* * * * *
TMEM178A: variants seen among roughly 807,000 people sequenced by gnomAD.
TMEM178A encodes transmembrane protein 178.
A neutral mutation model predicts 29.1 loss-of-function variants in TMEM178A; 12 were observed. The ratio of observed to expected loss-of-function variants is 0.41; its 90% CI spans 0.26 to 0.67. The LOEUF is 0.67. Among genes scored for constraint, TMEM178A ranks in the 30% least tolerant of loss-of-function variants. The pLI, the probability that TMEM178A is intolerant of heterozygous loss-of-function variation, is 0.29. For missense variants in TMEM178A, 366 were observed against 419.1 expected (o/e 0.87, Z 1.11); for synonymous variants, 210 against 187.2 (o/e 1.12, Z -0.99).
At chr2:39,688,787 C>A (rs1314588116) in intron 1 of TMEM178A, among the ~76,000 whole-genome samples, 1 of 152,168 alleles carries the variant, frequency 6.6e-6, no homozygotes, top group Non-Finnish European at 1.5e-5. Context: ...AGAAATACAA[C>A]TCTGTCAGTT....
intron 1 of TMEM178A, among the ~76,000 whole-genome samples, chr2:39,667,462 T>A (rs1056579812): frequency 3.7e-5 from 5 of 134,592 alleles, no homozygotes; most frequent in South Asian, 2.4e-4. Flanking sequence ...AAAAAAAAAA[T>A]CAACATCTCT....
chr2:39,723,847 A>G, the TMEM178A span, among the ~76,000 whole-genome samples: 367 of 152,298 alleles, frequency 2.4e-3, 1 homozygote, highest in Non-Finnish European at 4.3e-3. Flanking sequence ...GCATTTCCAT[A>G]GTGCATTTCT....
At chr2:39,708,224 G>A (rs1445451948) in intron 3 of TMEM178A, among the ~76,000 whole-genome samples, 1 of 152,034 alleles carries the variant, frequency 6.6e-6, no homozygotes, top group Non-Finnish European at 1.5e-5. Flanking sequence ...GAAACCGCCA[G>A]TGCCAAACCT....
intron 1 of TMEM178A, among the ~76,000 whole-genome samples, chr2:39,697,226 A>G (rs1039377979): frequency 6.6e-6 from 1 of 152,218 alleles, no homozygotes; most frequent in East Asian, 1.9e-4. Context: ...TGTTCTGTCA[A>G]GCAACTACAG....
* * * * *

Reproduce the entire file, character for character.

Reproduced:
TMEM178A: variants seen among roughly 807,000 people sequenced by gnomAD.
TMEM178A encodes transmembrane protein 178.
A neutral mutation model predicts 29.1 loss-of-function variants in TMEM178A; 12 were observed. The ratio of observed to expected loss-of-function variants is 0.41; its 90% CI spans 0.26 to 0.67. The LOEUF is 0.67. Among genes scored for constraint, TMEM178A ranks in the 30% least tolerant of loss-of-function variants. The pLI, the probability that TMEM178A is intolerant of heterozygous loss-of-function variation, is 0.29. For missense variants in TMEM178A, 366 were observed against 419.1 expected (o/e 0.87, Z 1.11); for synonymous variants, 210 against 187.2 (o/e 1.12, Z -0.99).
At chr2:39,688,787 C>A (rs1314588116) in intron 1 of TMEM178A, among the ~76,000 whole-genome samples, 1 of 152,168 alleles carries the variant, frequency 6.6e-6, no homozygotes, top group Non-Finnish European at 1.5e-5. Context: ...AGAAATACAA[C>A]TCTGTCAGTT....
intron 1 of TMEM178A, among the ~76,000 whole-genome samples, chr2:39,667,462 T>A (rs1056579812): frequency 3.7e-5 from 5 of 134,592 alleles, no homozygotes; most frequent in South Asian, 2.4e-4. Flanking sequence ...AAAAAAAAAA[T>A]CAACATCTCT....
chr2:39,723,847 A>G, the TMEM178A span, among the ~76,000 whole-genome samples: 367 of 152,298 alleles, frequency 2.4e-3, 1 homozygote, highest in Non-Finnish European at 4.3e-3. Flanking sequence ...GCATTTCCAT[A>G]GTGCATTTCT....
At chr2:39,708,224 G>A (rs1445451948) in intron 3 of TMEM178A, among the ~76,000 whole-genome samples, 1 of 152,034 alleles carries the variant, frequency 6.6e-6, no homozygotes, top group Non-Finnish European at 1.5e-5. Flanking sequence ...GAAACCGCCA[G>A]TGCCAAACCT....
intron 1 of TMEM178A, among the ~76,000 whole-genome samples, chr2:39,697,226 A>G (rs1039377979): frequency 6.6e-6 from 1 of 152,218 alleles, no homozygotes; most frequent in East Asian, 1.9e-4. Context: ...TGTTCTGTCA[A>G]GCAACTACAG....